SHORT STORIES

I am proud to have a selection in the Twin Cities Sisters in Crime anthology called The Dark Side of the Loon, release date scheduled for May 2018. My story is entitled “You Picked a Fine Time to Kill Me Lucille.” All the stories had to center around an event in Minnesota history; I picked the Halloween Blizzard of 1991. The blizzard puts a clinker in Lucille’s plans to have her husband killed.

I’m having fun working on another anthology story using the main character of my mysteries, Cal Sheehan. This one has to be set during the holidays and has to have something to do with food. Each story will come with a recipe.

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Twin Cities Sisters in Crime Panels

The Twin Cities Chapter of the Sisters in Crime is a group of crime writers, readers, who meet monthly. We have guest speakers, many of who are experts and have something to do with law enforcement or aspects of crime writing. Check out our Twin Cities Sisters in Crime Fan Page on Facebook. We do panels which usually last about an hour and a half including Q &A time. We discuss of range of topics, so if your organization, library, friends of the library, etc. wishes to host a fun-filled presentation, please contact me at midgebubany@gmail.com.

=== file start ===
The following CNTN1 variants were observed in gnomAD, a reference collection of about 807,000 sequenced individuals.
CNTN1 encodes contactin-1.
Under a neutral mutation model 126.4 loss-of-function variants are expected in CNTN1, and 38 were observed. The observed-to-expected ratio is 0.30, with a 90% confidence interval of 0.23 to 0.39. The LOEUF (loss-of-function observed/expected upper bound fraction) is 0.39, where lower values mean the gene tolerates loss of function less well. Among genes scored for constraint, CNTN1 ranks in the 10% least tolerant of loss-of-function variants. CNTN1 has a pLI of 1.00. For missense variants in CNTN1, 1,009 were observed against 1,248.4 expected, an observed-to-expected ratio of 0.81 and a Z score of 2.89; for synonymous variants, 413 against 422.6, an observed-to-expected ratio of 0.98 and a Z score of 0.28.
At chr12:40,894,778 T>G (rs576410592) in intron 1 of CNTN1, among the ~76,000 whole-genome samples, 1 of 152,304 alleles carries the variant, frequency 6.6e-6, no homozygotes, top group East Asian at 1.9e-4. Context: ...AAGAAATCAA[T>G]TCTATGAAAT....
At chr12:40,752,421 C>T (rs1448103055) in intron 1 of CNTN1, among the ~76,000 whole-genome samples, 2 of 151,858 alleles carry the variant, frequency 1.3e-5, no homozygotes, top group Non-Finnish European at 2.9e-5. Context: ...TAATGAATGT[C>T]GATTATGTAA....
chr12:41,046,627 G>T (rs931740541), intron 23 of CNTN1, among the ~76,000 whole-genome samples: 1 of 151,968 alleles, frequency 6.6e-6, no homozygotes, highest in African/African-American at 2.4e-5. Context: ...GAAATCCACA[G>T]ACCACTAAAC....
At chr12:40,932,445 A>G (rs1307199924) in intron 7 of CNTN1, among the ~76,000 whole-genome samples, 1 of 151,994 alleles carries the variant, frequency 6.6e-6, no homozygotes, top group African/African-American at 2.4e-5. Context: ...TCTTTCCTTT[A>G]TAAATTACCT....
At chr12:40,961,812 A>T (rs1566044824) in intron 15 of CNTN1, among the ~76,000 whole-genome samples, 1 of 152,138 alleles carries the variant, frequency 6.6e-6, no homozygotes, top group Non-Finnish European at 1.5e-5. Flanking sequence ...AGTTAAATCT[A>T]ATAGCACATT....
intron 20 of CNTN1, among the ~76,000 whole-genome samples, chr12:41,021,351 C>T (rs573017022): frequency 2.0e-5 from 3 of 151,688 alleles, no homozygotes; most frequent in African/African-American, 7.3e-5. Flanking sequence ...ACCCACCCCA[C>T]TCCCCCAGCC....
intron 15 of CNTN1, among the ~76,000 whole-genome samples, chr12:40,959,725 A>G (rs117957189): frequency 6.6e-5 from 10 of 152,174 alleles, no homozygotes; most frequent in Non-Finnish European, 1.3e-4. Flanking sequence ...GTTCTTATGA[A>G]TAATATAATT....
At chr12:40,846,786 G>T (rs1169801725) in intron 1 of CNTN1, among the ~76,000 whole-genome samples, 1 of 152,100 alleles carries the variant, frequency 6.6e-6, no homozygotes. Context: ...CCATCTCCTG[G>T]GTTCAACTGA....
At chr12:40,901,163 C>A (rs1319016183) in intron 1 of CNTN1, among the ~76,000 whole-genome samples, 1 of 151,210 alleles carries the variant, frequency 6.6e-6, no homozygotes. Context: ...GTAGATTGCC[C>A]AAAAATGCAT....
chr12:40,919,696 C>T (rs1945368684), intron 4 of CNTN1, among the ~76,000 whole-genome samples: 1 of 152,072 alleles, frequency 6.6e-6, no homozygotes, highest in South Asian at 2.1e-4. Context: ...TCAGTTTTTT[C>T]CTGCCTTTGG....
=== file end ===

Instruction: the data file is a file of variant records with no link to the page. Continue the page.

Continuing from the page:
IMG_8558Here are websites of some of the authors I do panels with:

Olivia panel pdf


THE DARK SIDE OF THE LOON

I received word this week my short story, You Picked a Fine Time to Kill Me, Lucille, was accepted into the Twin Cities Sisters in Crime Anthology, THE DARK SIDE OF THE LOON,  which will be published in 2018. The stories are all centered around a historic event in Minnesota history. Mine was the “Halloween Blizzard” of 1991. I can’t wait for you to read it, and all the wonderful stories my colleagues have written. I’m truly honored to have had my story selected.


The Gym